Apple chief executive officer Steve Jobs gave Canadians an early Christmas present on Wednesday: the ability to download TV shows from the Canadian version of iTunes, the company's popular online media store.
This particular present comes with a catch, though. Let's put it this way: You're going to like this new feature only if your TV-watching diet consists of Canadian TV shows and hockey games, because that's pretty much all that Apple has on its virtual shelves right now.
There are a couple of treats for younger viewers thrown in there, mind you: There's the popular reality series The Hills, as well as episodes of South Park. For the kids, there's an animated TV show called Avatar: The Last Airbender. And if you like Degrassi: The Next Generation, you're going to love the new iTunes store.
However, if you were hoping to watch the latest episode of Heroes on your iPod while you're on the train or stuck in traffic, you are out of luck. The same goes for episodes of other top American shows such as Lost, Battlestar Galactica and The Office. They remain stuck in your television.
Is this because Apple thinks that Canadians want to watch only episodes of Corner Gas, Little Mosque on the Prairie and old hockey games? Not really. Although Apple isn't saying, it's obvious that the company hasn't been able to strike content-licensing deals that would allow any other shows to be part of iTunes.
There are probably a number of reasons why this hasn't happened, and why Canadians are only now being allowed to download TV shows, more than two years after the U.S. got that feature.
The nice version is that licensing international content rights is a hellishly complicated business to begin with, and the addition of online rights for streaming and downloads make it even more so.
The not-so-nice version is that Canadian broadcasters aren't exactly known for their eagerness to adopt new technologies, or new business models for that matter. Most of them are still trying to wrap their heads around video on demand (VOD), and that has been available for years.
Canada isn't the only one struggling with this issue: Britain got TV shows added to its version of iTunes only in August, in part because Apple couldn't strike agreements with the various domestic broadcasters.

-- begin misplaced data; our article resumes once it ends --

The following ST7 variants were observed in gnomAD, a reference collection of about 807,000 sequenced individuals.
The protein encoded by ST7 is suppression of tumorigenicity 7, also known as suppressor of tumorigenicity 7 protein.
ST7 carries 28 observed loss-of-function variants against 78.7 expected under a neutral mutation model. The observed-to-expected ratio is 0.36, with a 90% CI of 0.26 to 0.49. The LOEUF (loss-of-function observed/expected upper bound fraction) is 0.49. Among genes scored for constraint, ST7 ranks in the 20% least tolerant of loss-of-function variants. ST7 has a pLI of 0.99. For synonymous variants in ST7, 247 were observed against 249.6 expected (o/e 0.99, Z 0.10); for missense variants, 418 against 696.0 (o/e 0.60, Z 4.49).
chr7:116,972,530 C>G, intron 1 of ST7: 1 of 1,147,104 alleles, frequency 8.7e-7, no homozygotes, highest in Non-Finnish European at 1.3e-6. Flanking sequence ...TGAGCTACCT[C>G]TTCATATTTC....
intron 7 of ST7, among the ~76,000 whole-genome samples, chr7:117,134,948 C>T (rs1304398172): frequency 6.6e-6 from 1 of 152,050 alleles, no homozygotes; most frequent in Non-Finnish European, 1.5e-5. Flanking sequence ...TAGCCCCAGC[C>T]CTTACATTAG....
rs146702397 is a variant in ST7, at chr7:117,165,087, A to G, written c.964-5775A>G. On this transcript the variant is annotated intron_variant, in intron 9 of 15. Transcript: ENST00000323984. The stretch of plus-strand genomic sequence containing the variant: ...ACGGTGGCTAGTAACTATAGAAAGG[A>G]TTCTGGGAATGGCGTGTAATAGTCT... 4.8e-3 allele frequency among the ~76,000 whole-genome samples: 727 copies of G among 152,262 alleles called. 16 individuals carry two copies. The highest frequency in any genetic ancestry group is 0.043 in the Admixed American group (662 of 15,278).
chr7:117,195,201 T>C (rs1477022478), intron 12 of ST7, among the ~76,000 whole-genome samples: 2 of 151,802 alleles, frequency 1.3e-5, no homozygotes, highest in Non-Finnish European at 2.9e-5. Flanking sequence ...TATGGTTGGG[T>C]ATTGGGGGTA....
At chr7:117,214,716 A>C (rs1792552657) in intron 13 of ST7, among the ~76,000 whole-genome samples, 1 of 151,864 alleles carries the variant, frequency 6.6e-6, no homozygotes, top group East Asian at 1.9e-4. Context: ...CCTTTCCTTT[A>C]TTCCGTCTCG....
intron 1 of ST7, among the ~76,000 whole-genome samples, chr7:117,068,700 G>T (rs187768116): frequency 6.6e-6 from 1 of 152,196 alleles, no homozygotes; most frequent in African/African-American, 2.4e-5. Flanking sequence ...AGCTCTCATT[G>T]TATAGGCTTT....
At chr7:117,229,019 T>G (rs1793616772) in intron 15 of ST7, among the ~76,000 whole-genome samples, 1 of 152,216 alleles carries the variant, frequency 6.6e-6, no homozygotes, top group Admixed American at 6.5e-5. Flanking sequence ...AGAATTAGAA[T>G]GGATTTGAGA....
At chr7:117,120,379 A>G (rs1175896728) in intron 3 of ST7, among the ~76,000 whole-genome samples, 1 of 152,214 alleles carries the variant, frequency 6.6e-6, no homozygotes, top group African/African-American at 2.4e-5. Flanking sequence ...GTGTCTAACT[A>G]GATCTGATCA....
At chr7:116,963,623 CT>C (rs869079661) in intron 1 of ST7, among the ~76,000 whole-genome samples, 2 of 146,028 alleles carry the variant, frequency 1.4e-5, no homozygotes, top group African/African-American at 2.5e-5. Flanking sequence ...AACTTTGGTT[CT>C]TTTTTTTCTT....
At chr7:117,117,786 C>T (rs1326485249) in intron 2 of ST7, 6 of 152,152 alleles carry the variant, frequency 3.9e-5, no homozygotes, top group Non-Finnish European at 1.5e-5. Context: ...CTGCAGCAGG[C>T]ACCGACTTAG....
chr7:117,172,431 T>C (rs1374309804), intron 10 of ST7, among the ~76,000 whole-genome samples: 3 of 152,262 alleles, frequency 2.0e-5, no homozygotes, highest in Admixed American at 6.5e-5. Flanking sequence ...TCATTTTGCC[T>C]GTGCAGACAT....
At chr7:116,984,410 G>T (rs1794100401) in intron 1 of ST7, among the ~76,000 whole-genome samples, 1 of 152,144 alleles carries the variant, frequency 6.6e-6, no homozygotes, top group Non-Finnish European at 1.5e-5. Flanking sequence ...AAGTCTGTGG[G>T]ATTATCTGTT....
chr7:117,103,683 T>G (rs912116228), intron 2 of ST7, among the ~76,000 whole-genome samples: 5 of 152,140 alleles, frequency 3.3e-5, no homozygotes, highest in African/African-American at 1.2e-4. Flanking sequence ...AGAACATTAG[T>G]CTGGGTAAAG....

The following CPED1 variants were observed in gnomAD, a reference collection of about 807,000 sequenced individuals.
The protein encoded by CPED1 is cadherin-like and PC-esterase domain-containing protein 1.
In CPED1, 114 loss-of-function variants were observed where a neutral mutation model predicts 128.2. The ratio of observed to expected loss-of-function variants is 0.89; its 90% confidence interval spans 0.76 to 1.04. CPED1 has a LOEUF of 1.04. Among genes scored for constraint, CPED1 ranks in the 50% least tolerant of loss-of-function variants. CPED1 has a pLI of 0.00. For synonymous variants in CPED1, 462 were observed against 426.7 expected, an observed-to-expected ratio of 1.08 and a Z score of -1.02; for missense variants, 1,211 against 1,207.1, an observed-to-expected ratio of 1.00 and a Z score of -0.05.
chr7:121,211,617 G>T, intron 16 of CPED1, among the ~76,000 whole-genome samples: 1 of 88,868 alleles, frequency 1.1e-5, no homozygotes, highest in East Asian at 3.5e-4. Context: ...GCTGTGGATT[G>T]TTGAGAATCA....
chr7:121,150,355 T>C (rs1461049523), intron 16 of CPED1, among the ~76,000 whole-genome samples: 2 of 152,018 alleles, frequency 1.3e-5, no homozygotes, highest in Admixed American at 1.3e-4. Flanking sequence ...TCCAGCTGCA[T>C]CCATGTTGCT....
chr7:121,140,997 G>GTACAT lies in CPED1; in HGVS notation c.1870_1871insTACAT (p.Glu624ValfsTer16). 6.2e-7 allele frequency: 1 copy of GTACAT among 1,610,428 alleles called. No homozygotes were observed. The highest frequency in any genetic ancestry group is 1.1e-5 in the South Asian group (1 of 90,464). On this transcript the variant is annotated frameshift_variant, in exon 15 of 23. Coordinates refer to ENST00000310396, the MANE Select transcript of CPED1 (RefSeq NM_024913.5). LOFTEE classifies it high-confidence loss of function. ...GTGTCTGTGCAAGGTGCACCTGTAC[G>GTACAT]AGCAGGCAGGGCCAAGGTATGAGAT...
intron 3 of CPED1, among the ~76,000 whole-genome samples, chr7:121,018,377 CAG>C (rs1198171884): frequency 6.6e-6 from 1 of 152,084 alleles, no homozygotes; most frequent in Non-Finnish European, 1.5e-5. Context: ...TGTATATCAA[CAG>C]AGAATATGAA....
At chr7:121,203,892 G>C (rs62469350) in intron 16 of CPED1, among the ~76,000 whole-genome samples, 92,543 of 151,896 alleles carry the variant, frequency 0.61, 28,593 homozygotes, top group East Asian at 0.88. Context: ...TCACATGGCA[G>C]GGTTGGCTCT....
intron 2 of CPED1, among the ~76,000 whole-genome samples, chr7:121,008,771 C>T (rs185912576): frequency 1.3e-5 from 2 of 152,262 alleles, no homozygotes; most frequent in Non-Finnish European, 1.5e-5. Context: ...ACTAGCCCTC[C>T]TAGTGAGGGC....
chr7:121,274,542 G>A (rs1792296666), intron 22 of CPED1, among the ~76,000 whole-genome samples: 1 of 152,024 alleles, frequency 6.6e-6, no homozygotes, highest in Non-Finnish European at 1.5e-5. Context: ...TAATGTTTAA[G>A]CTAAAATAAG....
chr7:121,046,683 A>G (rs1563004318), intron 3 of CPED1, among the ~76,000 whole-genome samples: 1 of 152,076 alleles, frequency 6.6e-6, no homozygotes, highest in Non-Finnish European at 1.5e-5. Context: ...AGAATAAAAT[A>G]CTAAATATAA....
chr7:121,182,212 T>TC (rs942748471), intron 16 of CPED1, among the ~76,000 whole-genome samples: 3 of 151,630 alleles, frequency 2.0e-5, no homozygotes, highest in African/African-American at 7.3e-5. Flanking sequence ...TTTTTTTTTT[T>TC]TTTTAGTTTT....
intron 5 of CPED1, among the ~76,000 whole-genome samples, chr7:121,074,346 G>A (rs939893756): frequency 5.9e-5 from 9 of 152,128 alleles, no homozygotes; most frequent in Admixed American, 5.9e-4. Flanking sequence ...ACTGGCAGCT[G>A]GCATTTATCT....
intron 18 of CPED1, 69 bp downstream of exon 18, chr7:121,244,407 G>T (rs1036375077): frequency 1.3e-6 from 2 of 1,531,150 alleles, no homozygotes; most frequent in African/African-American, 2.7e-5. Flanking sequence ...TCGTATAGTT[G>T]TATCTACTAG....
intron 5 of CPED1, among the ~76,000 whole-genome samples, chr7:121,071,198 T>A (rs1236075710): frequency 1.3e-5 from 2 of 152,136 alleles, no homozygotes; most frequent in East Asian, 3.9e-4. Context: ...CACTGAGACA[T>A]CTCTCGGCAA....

In a nutshell, the U.S. networks sign content deals with Canadian broadcasters such as Global and CTV, but until recently those deals covered only traditional television broadcasting rights and newer offerings such as VOD.
Now, viewers want to watch streaming (i.e., non-downloadable) versions of their favourite shows on the Web, as well as download them to their iPods or laptops, burn them to DVD and so on. But each of those different uses has to be negotiated and there are competing interests.
In a sense, the same issues are at stake in the current dispute between Hollywood writers and the major TV networks and movie studios: Writers want to be compensated for their work when it is streamed or downloaded, but no one can agree on what any of that should be worth.
To make matters worse, the bulk of Canada's most popular TV shows originate in the U.S., which means that networks such as Global and CTV rely on them for the majority of their revenues. Theoretically, cash cows such as Lost and Heroes could be in jeopardy if people could suddenly download them at will – or at least, that's the fear.
And that's not all: Just as the U.S. networks have deals with Global and CTV for the right to broadcast their shows, the Canadian networks also have deals of their own with affiliates and satellite providers, which pay for the right to broadcast those hits and which might not look kindly on the networks letting people stream or download them whenever they want.
So there you have it: a new-media licensing morass, with your favourite TV shows trapped at the centre. Put that on your iPod.